1. ^ "Rep. Allen Fletcher (R-TX 130th District)". Nebraska Library Association. Retrieved March 27, 2014. 
  2. ^ "Allen Fletcher". Texas Legislative Reference Library. Retrieved March 27, 2014. 
  3. ^ "Election Results". Texas Secretary of State. March 1, 2016. Retrieved June 5, 2016. 
  4. ^ a b c "Allen Fletcher's Biography". Retrieved March 27, 2014. 
  5. ^ a b "State Rep. Allen Fletcher District 130 (R-Tomball)". The Texas Tribune. Retrieved March 27, 2014. 
  6. ^ "Penny Fletcher of Tomball, TX". Retrieved March 27, 2014. 
  7. ^ "Republican primary election returns, March 2008 (House District 130)". Texas Secretary of State. Archived from the original on January 9, 2014. Retrieved March 27, 2014. 
  8. ^ "General election returns, November 4, 2008 (House District 130)". Texas Secretary of State. Archived from the original on January 9, 2014. Retrieved March 27, 2014.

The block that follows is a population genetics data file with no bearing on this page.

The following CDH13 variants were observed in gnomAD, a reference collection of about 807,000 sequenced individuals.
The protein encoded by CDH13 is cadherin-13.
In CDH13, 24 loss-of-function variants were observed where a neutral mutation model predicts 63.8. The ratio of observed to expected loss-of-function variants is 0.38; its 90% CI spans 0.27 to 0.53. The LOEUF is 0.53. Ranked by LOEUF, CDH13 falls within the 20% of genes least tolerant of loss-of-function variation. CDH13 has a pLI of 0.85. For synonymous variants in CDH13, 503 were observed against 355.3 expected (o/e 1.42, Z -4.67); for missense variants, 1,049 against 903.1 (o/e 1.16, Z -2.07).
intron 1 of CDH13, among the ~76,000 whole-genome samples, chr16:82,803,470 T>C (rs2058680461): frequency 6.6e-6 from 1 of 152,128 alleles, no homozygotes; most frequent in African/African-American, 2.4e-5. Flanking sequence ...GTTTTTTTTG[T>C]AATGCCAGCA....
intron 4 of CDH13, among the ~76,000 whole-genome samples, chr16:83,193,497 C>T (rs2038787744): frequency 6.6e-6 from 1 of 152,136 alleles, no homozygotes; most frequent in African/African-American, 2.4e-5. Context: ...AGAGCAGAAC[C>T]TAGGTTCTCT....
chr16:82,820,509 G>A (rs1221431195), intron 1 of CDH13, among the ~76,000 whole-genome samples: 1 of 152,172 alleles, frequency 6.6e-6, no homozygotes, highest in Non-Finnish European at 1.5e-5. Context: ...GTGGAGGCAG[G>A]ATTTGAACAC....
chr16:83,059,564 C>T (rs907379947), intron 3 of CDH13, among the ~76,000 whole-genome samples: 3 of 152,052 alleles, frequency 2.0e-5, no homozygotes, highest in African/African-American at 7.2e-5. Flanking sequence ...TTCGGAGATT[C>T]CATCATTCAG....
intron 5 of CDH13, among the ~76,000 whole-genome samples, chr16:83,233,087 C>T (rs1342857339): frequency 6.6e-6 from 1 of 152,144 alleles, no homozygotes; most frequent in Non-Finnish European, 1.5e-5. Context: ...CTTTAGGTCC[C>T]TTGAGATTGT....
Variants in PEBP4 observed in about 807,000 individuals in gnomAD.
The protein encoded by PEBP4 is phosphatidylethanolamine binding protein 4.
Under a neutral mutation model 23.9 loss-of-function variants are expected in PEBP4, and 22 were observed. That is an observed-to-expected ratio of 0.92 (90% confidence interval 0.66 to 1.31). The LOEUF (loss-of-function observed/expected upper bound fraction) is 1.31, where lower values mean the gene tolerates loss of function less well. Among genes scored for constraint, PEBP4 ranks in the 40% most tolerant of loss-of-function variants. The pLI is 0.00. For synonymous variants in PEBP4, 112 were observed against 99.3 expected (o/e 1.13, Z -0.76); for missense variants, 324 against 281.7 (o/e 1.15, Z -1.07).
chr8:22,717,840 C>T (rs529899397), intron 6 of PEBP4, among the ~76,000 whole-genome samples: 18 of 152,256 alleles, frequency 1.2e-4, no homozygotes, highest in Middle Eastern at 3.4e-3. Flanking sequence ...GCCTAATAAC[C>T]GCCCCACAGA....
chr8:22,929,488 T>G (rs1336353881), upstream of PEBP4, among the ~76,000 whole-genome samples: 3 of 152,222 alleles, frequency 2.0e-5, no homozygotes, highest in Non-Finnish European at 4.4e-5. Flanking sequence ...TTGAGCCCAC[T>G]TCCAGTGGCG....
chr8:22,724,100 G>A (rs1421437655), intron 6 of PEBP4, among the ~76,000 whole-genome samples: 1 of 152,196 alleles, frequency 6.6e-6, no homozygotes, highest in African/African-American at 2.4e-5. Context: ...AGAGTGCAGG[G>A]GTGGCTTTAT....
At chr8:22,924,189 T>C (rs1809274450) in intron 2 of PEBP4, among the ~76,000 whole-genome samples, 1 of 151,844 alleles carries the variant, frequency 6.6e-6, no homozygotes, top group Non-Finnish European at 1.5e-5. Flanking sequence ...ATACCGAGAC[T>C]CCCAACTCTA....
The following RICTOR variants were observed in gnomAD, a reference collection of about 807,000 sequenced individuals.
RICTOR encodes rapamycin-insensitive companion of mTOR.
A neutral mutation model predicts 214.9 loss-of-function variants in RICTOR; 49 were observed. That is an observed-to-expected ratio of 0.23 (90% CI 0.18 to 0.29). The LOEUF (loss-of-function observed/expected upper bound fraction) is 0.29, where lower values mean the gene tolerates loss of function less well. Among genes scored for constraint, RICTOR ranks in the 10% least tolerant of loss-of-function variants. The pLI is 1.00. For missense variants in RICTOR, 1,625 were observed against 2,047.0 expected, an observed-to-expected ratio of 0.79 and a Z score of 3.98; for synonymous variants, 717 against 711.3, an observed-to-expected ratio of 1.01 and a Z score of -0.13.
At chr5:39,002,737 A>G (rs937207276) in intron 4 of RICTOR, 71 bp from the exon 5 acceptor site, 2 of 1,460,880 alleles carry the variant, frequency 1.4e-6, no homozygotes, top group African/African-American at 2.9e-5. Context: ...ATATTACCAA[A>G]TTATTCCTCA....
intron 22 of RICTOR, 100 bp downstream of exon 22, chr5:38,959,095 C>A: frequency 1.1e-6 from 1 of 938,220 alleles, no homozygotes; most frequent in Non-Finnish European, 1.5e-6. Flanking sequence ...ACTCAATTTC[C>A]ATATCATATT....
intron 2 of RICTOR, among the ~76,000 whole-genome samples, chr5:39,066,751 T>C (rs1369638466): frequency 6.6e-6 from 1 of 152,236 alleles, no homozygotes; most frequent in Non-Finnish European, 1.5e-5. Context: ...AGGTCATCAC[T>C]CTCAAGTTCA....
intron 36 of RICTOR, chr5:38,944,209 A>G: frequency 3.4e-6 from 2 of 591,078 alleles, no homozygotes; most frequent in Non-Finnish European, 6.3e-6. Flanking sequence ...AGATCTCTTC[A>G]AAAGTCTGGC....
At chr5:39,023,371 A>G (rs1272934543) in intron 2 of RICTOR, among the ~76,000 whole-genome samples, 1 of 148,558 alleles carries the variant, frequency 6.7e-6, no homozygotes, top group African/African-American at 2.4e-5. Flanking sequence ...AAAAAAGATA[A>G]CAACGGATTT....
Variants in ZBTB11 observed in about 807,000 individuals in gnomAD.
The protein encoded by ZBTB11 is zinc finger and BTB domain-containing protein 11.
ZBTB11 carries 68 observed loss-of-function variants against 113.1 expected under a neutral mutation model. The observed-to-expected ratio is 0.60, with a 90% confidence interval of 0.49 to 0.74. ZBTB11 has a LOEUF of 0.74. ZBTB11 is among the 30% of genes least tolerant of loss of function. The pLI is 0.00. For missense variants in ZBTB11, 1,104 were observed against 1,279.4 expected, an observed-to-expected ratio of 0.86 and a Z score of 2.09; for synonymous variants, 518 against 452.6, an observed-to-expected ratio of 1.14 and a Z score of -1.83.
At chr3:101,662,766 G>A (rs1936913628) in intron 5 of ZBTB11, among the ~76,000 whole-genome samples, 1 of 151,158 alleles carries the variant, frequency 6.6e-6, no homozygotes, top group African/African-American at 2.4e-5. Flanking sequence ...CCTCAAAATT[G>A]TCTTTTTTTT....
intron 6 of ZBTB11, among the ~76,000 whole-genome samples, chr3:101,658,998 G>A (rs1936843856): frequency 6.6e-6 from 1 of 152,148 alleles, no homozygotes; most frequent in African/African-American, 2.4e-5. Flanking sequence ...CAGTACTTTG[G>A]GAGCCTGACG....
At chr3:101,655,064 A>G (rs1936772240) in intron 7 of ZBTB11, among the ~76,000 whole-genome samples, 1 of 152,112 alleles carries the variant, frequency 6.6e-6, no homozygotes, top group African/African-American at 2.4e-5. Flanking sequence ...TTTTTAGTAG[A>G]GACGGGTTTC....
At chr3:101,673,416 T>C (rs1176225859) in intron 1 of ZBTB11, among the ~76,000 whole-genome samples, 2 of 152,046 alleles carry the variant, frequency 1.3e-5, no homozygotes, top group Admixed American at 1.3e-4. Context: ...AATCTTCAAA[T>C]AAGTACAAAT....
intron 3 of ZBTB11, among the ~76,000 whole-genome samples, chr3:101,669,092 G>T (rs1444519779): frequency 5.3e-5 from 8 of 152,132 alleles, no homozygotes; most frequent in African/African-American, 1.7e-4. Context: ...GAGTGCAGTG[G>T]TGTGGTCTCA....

9. ^ a b c d e f "Allen Fletcher's Voting Records". Retrieved March 26, 2014. 
  10. ^ M. Fernandez (June 25, 2013). "Filibuster in Texas Senate Tries to Halt Abortion Bill". The New York Times. Retrieved March 9, 2014. 
  11. ^ a b "Allen Fletcher's Ratings and Endorsements". Retrieved March 26, 2014. 
  12. ^ "Legislative Session: 83 (R) Relating to unlawful employment practices regarding discrimination in payment of compensation". Texas Legislature Online. Retrieved March 21, 2014. 
  13. ^ "Texas Voter ID Officially Takes Effect, October 21, 2013". The Huffington Post. Retrieved March 16, 2014. 
Political offices
Texas House of Representatives
Preceded by
Corbin Van Arsdale
Texas State Representative from District 130 (Harris County)

Billy Allen Fletcher

Succeeded by
Tom Oliverson (pending)